Lonnie Rashid Lynn known by his stage name as Common has been famous in the underground hip hop scene, ever since he began his career in the 90s. It wasn’t until his release of “The 6th Sense” with DJ Premier in 2000 that he switched over to talk about injustice through his music. Grammy and Oscar winner, activist, visionary, and of late, a writer with a New York Times Bestseller called Let Love Have The Last Word, Common has had a well-accomplished career leading and inspiring people to create change. He has been associated with several acts like John Legend, Kanye West, will.i.am, the Soulquarians, PJ, The Neptunes among others. In a scene where most rappers would rather talk about vanity, Common takes a mature path, goes deeper, and chooses what really matters, urging his fellow Black people to carry on the revolution.
A Beautiful Revolution Pt. 1 was created at a time during Trump’s presidency when tragic and atrocious crimes like that of George Floyd and Breonna Taylor among so many more were committed. The album stemmed from feelings like anger, hurt, and angst but he believes that the next step does not involve these emotions and that one must continue in love. Love for God, love for oneself and fellow brothers.
Common starts his day with prayer and reading the New Testament of the Bible and incorporates the values he learns into his life which is reflected in the music he makes and the projects he intentionally undertakes.
In an interview with The Breakfast Club recently, Common talked about how he uses his platform and position to speak up and shed light on issues that taint American society and the world at large. He firmly believes, and rightly so that the more you talk about something and highlight it the more awareness is created and people can be held responsible and made accountable as a community. The Black community still faces injustice even in the 21st century and one can only overcome it through resilience and that is what Common conveys in his album. The tone for its sequel, A Beautiful Revolution Pt. 2 is, therefore, self-reflective, filled with love, and is far from being preachy. Musically, it reached heights and went into different places and genres mainly that of blues, soul, and RnB, portraying the style of a variety of influential Black artists.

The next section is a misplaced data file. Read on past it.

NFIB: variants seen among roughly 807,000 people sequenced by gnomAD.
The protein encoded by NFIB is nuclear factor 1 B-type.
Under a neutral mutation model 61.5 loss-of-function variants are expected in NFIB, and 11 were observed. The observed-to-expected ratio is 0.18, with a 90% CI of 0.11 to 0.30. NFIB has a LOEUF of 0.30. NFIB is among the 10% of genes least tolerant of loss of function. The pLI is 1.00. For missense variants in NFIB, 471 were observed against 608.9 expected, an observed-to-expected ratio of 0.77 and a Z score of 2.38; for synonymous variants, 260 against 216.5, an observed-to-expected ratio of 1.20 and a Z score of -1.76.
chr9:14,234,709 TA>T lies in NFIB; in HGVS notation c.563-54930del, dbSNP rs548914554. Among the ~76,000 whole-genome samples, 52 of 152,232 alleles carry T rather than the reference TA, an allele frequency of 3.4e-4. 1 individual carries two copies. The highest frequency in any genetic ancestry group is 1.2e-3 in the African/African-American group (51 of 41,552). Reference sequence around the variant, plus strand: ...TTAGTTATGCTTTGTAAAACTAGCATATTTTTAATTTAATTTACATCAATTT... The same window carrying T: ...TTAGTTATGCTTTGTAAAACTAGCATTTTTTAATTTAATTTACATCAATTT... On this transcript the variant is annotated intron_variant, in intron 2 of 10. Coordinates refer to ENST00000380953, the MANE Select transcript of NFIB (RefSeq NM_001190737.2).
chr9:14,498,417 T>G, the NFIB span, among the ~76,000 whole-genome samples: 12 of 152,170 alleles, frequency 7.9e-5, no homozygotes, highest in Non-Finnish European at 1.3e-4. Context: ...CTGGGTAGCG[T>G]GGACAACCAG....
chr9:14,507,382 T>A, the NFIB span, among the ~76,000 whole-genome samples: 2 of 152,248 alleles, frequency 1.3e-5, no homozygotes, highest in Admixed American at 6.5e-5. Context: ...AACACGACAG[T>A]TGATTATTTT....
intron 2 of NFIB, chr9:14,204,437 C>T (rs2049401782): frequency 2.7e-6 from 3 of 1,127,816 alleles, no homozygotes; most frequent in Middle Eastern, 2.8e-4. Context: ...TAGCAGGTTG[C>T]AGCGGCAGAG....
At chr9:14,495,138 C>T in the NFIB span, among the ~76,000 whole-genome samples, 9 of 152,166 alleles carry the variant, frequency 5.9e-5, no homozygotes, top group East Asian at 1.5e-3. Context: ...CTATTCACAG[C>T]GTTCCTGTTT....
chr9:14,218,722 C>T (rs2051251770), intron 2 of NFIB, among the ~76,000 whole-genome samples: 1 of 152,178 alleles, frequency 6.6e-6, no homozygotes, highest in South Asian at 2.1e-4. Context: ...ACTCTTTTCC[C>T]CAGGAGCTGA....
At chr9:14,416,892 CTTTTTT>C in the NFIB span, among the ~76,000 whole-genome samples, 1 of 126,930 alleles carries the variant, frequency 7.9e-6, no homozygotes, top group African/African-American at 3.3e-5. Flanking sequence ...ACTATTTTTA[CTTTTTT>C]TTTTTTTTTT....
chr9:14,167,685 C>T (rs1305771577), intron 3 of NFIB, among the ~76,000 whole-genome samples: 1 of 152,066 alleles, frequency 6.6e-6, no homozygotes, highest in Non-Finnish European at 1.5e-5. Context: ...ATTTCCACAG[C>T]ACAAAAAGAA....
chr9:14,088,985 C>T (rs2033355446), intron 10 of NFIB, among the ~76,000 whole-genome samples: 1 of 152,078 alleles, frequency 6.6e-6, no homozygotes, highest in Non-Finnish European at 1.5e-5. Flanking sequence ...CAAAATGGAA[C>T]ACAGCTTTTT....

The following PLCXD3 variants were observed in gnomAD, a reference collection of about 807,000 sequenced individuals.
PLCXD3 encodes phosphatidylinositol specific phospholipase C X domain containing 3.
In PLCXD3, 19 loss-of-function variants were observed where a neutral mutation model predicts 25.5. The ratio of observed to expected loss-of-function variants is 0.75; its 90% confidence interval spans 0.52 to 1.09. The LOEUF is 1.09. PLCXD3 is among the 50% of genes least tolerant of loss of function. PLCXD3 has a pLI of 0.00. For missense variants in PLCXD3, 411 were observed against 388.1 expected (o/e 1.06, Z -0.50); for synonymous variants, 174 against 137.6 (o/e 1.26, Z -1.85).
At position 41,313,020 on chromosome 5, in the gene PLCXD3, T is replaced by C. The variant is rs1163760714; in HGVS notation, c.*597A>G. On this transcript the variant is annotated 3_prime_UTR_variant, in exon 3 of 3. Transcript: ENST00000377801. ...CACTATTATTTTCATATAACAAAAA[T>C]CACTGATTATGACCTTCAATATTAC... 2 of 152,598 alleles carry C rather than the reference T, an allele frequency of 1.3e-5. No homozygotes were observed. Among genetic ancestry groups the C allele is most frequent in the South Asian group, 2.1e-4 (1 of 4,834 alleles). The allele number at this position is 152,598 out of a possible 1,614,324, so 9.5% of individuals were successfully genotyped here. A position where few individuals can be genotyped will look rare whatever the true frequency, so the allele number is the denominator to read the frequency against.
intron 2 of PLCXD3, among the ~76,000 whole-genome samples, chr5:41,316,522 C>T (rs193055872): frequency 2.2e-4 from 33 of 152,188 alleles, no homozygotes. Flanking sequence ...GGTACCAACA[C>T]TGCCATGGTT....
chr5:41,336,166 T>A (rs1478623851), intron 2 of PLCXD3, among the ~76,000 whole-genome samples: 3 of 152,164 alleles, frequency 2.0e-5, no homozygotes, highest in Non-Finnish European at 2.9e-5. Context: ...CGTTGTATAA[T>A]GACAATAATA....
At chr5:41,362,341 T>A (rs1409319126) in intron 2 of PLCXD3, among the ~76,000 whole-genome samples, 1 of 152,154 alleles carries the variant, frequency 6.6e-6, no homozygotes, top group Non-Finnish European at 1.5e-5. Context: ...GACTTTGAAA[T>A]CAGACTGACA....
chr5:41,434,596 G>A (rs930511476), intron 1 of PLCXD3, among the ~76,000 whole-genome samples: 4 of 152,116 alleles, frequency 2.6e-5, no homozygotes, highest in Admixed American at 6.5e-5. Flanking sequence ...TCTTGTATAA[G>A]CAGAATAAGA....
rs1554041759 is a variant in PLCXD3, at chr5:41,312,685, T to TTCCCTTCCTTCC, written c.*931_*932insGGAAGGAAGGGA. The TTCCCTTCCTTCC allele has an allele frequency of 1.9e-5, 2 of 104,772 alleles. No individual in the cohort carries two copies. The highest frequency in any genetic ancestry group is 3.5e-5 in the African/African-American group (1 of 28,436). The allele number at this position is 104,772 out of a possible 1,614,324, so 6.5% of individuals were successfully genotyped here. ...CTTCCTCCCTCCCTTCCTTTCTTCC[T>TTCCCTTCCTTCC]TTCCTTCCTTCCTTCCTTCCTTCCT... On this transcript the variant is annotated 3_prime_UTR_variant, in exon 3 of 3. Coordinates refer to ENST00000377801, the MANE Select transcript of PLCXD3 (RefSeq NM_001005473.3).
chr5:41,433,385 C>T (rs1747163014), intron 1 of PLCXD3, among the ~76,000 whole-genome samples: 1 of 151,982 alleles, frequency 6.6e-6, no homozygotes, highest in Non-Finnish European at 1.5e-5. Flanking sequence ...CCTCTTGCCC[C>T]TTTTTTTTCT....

Credit: Twitter @common
The first track, “Intro Push Out The Noise” featuring Jessica Care Moore, is a poem that sets the tone for the entire album with the following lines capturing its essence. “On our back porch patios re-learning the subtle art of breathing Our tribes, our well-traveled scars” “Learning really begins at home now” “What is more radical than authentic love”
“What is more radical than authentic love”
The second track, “A Beautiful Chicago Kid” has a groovy and bluesy beat, performed in collaboration with PJ who owns her stunningly smooth voice and affirms her achievements, thereby collectively that of the Black people.
“When We Move” featuring Sean Keuti and Black Thought of The Roots comes with Afrocentric drumbeats and a rhythm that loops on in the background throughout the entire track and ends in typical Blues style trumpet bars and talks about how the whole world follows when Black people “move”, or showcase their creative talent, but that the experiences that they’ve been through to get to where they are at, nobody who isn’t of the community could remotely even imagine with a line that goes like, “Who dey feel a pain like we do”.
“Poetry” featuring Marcus King and Isaiah Shakey, starts off with a country-like guitar rhythm and talks about enduring through the struggle Black people still go through even in present-day America. “I combine strength, poetic liberation In a nation that asks me for identification”
“I combine strength, poetic liberation
In a nation that asks me for identification”
“Saving Grace” featuring Brittany Howard begins with a soulful tune that’s almost melancholic and transports you into a pensive mood especially with words like these in verse two, “Holding back the pain of my ancestry Trying to break the patterns of our history” but she carries on to say in the chorus, “In your grace, I made peace You’ve got will, I’ve got power”
"Imagine" is a track hopeful of a better future, starting with a groovy tune and a rhythmic blues beat, that continues throughout the entire track, joined immediately by PJ's dramatically mellifluous voice and Common's deep warm rap, where he talks about enjoying a future in freedom.
Common. Credit: Twitter @common
The “Outro” does pure justice to the entirety of the album. “We are the revolutionary poem exclamation point You don’t have to go home but this is only the start The good part is what comes next”
“We are the revolutionary poem exclamation point
You don’t have to go home but this is only the start
The good part is what comes next”
The entire album goes to show how far the Black people have come in their fight for equality, acknowledging the pain and moving forward in love. You can listen to it here.
Credit: Twitter @common